International students are critical for Japan’s future.
Last decade, the government aimed to attract 300,000 of them per year to foster economic growth, heighten global competitiveness and infuse new energy into the country. Global educational exchange can result in highly educated workers. Even if international students return to their home countries, they become ambassadors by driving future business, tourism, opportunities, alliances and goodwill to Japan. Foreign students can help Japan enhance its image abroad and positively impact global university rankings.
Japanese firms often face hurdles in their global ambitions by the younger generations’ lack of a global mentality. International students can elevate Japanese students by sparking interest, fostering stronger foreign language skills, enhancing cross-cultural understanding and cultivating new perspectives.
International students seeking to study abroad can select from hundreds of destinations. With COVID-19, the situation has deteriorated for Japan. Even in good times, Japan struggles to attract overseas students and researchers due to language barriers, costs and other factors. Now, Japan’s closed borders over the past two years have created difficult obstacles and deflected students to other countries including South Korea.
Even among those students who are most committed, greater numbers of international students have started questioning Japan as a destination of choice. Other countries have kept their borders open to students during the pandemic while Japan has been increasingly seen as unwelcoming, slow, complicated and unstable. Some have even questioned Japan’s commitment to global education.
Prime Minister Kishida’s announcement on Feb. 17 to gradually reopen the borders to these students is welcome news. Unfortunately, the new measures fall significantly short of remedying the problem of nearly 150,000 students who are still waiting for entry into Japan. The slow re-opening of the country and limitation of only 7,000 travelers into Japan each day (both returning Japanese and new foreign citizens) is insufficient and must be increased further. Would-be students will also compete for these spots with business and government travelers, who will want to travel as soon as restrictions are relaxed. They will find it easier to get visas and can pay premium prices for their airfares.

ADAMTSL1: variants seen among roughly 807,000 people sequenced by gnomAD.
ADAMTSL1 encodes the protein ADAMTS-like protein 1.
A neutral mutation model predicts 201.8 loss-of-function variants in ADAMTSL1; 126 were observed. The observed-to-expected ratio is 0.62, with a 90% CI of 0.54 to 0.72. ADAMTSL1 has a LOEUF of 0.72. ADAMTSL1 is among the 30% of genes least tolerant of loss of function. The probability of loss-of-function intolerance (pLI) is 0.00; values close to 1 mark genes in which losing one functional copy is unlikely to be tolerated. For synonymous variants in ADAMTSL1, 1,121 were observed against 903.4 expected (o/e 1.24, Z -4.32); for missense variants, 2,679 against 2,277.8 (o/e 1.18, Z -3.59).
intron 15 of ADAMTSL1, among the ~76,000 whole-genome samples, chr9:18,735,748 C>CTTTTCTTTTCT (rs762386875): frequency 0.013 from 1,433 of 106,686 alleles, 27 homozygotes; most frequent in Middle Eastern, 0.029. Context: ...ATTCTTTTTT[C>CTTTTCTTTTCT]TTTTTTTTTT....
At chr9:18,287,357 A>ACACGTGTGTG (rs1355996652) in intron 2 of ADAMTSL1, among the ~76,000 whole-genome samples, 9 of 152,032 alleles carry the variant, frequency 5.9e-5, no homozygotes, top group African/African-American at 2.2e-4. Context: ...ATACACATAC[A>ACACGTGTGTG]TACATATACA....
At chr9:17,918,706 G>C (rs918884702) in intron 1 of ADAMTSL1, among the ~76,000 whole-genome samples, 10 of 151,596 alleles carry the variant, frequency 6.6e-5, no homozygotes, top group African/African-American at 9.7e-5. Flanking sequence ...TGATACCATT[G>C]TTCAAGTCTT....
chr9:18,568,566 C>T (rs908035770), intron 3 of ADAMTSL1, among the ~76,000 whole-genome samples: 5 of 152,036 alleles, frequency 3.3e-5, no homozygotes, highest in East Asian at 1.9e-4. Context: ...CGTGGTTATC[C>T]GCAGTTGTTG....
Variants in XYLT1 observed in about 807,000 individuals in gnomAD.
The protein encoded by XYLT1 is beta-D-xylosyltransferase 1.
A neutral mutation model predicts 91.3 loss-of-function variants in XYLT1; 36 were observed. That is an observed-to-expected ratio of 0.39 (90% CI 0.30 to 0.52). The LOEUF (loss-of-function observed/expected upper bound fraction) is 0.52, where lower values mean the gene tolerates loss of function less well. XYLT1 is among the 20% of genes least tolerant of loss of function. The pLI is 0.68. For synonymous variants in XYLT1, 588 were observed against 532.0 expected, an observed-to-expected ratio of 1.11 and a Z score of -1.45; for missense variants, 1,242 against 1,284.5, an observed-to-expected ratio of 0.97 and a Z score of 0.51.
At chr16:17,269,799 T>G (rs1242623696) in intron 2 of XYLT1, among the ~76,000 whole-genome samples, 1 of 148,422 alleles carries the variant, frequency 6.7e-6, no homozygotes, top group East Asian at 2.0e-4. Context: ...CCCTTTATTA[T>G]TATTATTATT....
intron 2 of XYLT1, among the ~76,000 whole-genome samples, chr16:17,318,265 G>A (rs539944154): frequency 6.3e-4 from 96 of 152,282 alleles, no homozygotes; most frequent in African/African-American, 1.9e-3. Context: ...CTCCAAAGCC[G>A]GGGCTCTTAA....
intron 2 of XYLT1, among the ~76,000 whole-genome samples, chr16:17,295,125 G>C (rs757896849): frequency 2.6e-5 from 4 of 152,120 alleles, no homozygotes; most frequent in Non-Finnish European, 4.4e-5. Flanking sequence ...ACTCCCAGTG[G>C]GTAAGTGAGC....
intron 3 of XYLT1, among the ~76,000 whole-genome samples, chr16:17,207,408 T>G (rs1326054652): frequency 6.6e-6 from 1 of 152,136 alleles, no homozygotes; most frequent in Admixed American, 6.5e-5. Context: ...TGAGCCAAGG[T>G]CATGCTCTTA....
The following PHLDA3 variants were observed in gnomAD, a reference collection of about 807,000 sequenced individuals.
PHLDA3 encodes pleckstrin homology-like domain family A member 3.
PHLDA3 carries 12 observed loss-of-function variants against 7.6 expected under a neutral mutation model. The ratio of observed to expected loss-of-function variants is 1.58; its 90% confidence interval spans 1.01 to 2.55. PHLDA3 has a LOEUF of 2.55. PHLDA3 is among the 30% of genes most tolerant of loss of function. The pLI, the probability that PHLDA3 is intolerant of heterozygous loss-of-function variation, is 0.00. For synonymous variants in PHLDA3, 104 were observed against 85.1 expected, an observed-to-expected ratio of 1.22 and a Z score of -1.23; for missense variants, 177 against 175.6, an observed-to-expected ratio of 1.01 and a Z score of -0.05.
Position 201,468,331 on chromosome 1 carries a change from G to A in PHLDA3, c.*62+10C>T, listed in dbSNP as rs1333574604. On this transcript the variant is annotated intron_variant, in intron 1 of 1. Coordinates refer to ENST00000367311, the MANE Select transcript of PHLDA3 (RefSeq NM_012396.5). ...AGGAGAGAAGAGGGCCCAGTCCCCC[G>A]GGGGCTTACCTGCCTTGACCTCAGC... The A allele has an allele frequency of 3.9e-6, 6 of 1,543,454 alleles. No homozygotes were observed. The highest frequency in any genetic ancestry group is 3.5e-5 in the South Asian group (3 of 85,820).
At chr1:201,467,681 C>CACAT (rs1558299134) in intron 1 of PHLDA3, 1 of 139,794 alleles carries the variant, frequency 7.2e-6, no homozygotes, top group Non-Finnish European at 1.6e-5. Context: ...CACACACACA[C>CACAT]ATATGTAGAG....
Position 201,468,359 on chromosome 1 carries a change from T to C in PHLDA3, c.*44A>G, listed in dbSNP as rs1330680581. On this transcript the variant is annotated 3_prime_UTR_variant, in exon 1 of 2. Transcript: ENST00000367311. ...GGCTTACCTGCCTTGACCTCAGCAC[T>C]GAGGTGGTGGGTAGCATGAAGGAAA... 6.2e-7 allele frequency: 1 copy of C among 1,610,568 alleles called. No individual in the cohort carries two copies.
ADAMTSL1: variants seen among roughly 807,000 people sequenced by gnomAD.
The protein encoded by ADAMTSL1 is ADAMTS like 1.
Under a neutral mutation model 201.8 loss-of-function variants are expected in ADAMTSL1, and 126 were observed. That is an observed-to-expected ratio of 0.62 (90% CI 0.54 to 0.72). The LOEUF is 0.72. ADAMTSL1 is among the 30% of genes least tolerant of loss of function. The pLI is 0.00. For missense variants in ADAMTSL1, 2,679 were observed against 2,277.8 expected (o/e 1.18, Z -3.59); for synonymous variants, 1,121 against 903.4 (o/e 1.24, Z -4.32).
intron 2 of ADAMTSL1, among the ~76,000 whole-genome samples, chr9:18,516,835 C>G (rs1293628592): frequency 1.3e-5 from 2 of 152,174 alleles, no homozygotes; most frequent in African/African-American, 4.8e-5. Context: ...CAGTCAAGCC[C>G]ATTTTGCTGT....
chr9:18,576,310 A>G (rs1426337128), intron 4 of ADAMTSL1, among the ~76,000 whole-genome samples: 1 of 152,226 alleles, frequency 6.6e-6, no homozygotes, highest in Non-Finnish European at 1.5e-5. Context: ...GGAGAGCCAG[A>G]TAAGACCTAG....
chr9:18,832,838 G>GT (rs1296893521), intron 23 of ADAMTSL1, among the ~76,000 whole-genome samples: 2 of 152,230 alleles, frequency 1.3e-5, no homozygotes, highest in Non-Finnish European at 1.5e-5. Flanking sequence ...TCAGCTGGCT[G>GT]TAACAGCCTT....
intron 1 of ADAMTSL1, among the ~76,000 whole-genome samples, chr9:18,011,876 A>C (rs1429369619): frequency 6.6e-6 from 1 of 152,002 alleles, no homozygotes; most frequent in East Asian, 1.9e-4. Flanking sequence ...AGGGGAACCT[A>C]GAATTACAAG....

Japan can have parallel priorities. While still prioritizing and preserving health and safety, the government can prioritize global educational exchange while reaping the benefits of inviting young overseas talent into the country.
A recent February opinion poll conducted by SAPIO Research, a British research firm, in conjunction with a researcher at Waseda University focused on a pool of 1,003 respondents from all age groups and all prefectures in Japan. The survey underscored the public’s willingness to embrace parallel priorities. So long as adequate protective measures are used, Japanese respondents would welcome students, researchers, business travelers and family members into the country.
Among the 1,003 Japanese citizens aged 18 and over, nearly 90% welcome the entry of new students and researchers into Japan. More specifically, nearly 77% of respondents supported the entry of new international students and researchers so long as the “new entrants are required to be vaccinated, take PCR tests before and upon arrival, quarantine and subscribe to a private insurance program.” An additional 11% support new entrants without any special precautions while 12% feel that new students and researchers should not be allowed into the country at this time.
This recent survey showed similar support for the entry of new foreign workers and trainees (77% support with adequate precautions, 8% support without any restrictions and 15% against any entry), new investors (79% support with precautions, 6% support without any restrictions and 15% against any entry) and foreign spouses and family members of Japanese citizens or foreign residents (77% support with precautions, 13% support without any restrictions and 10% against any entry).
As a global educational leader who first came to Japan at the age of 19, I am concerned about the negative impact that the closed borders have had on the country and its future. As the head of the Japan campus of a global top-350 American university and the destination of choice for students from Japan, the United States and nearly 60 other countries, I strongly encourage the government to keep the borders open and do everything possible to expedite entry of students and researchers into Japan.
As an American university, Temple plays a critical part in forging bonds that are essential to sustain the Japan-U.S. alliance upon which the country’s security rests. In late 2020, the Japan campus of my university was able to bring dozens of international students into the country. At the time, the government relied on TUJ to ensure student health and monitor their quarantine. No problems arose with this approach and the school does not anticipate any issues going forward.
Matthew Wilson is dean and president of Temple University, Japan.